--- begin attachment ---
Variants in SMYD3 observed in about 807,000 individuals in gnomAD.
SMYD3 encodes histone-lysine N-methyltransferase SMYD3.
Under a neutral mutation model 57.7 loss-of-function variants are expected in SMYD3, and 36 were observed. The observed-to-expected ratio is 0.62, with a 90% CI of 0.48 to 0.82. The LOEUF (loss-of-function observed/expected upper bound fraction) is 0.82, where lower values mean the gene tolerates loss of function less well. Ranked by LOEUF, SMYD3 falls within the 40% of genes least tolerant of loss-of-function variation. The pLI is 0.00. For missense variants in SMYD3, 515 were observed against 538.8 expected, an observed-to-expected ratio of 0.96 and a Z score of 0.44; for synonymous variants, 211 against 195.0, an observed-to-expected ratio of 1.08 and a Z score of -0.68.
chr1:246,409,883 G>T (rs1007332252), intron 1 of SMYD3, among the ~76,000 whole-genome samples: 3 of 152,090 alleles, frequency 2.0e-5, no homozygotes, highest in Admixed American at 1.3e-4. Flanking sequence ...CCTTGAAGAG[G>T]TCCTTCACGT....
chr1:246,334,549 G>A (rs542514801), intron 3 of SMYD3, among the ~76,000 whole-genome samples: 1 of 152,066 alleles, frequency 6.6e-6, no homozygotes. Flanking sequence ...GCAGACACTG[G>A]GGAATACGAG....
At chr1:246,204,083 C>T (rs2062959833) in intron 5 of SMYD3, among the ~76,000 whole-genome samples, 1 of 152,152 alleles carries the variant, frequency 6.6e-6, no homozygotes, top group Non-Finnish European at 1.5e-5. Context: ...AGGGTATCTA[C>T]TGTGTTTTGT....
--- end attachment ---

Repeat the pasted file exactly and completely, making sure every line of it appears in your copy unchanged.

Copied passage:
Variants in SMYD3 observed in about 807,000 individuals in gnomAD.
SMYD3 encodes histone-lysine N-methyltransferase SMYD3.
Under a neutral mutation model 57.7 loss-of-function variants are expected in SMYD3, and 36 were observed. The observed-to-expected ratio is 0.62, with a 90% CI of 0.48 to 0.82. The LOEUF (loss-of-function observed/expected upper bound fraction) is 0.82, where lower values mean the gene tolerates loss of function less well. Ranked by LOEUF, SMYD3 falls within the 40% of genes least tolerant of loss-of-function variation. The pLI is 0.00. For missense variants in SMYD3, 515 were observed against 538.8 expected, an observed-to-expected ratio of 0.96 and a Z score of 0.44; for synonymous variants, 211 against 195.0, an observed-to-expected ratio of 1.08 and a Z score of -0.68.
chr1:246,409,883 G>T (rs1007332252), intron 1 of SMYD3, among the ~76,000 whole-genome samples: 3 of 152,090 alleles, frequency 2.0e-5, no homozygotes, highest in Admixed American at 1.3e-4. Flanking sequence ...CCTTGAAGAG[G>T]TCCTTCACGT....
chr1:246,334,549 G>A (rs542514801), intron 3 of SMYD3, among the ~76,000 whole-genome samples: 1 of 152,066 alleles, frequency 6.6e-6, no homozygotes. Flanking sequence ...GCAGACACTG[G>A]GGAATACGAG....
At chr1:246,204,083 C>T (rs2062959833) in intron 5 of SMYD3, among the ~76,000 whole-genome samples, 1 of 152,152 alleles carries the variant, frequency 6.6e-6, no homozygotes, top group Non-Finnish European at 1.5e-5. Context: ...AGGGTATCTA[C>T]TGTGTTTTGT....